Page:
According to the database maintained by the Tower Coordinator, T-Mobile submitted its application already in March 2009. (Click this link for access to the database.) The County informed us that the application was incomplete, because it lacked required technical information, and for this reason the Tower Coordinator has not yet issued a recommendation. In addition, the County informed us that the Tower Committee would not be addressing T-Mobile's application until after T-Mobile and Montgomery County Public Schools (MCPS) have completed obtaining and evaluating the public's input.
In its December 7, 2009 e-mail to the Whitman school community, the PTSA leadership emphasized that "The input from the school community is sought at an earlier stage of the process [than several years ago], and is taken very seriously at MCPS. Thus, no decisions have been made about the proposal by any entity, and no decisions will be made until after [the PTSA meeting now scheduled for February 16, 2010]."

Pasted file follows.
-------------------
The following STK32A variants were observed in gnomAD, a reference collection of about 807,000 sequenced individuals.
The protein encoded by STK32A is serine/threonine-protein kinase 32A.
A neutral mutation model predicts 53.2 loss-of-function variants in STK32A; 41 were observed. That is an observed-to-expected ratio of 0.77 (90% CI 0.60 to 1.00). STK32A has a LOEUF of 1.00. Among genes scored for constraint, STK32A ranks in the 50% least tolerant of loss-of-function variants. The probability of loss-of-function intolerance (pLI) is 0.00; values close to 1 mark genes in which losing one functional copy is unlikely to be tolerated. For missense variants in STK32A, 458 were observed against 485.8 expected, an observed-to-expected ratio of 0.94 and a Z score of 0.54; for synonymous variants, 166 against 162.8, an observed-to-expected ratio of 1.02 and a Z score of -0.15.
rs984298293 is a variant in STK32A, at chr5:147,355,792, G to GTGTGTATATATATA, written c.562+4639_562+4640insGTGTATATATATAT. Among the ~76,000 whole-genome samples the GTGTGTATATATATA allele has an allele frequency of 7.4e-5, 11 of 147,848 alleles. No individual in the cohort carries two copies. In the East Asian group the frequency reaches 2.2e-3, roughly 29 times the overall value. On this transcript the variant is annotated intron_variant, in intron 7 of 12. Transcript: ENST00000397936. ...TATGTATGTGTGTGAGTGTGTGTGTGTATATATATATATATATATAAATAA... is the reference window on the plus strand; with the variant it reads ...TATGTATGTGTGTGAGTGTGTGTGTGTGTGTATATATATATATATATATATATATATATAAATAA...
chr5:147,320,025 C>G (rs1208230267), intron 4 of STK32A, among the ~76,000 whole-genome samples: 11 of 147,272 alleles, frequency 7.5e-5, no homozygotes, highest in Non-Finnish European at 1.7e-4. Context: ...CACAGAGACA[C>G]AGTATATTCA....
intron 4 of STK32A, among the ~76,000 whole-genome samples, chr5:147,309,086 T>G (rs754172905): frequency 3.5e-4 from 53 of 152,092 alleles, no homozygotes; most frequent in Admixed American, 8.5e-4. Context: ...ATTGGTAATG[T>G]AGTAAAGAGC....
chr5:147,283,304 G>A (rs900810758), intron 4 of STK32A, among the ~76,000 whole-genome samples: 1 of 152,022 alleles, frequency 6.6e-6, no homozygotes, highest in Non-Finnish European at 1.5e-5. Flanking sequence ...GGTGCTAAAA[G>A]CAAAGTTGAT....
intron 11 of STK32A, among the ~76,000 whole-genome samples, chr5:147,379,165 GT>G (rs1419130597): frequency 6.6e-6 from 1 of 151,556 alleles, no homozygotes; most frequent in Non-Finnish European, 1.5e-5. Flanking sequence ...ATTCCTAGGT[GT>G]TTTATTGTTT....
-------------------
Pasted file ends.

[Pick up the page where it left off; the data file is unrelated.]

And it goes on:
Under Section 59-A-6.12(a) and (d) of the Zoning Ordinance, installation of a private telecommunications antenna on publicly owned land requires a special exception unless the antenna is proposed to be "attached to an existing structure owned or operated by a County ... agency." (Click this link to read the Zoning Ordinance.)
If a special exception is required, then the Montgomery County Planning Board reviews the application and makes a recommendation to the Board of Appeals. If a special exception is not required, then the Planning Board reviews the application and makes its recommendation to the County agency that owns the land (in this case: MCPS), which then makes the final decision on the application.
The Tower Committee's website (click here) explains the difference as follows: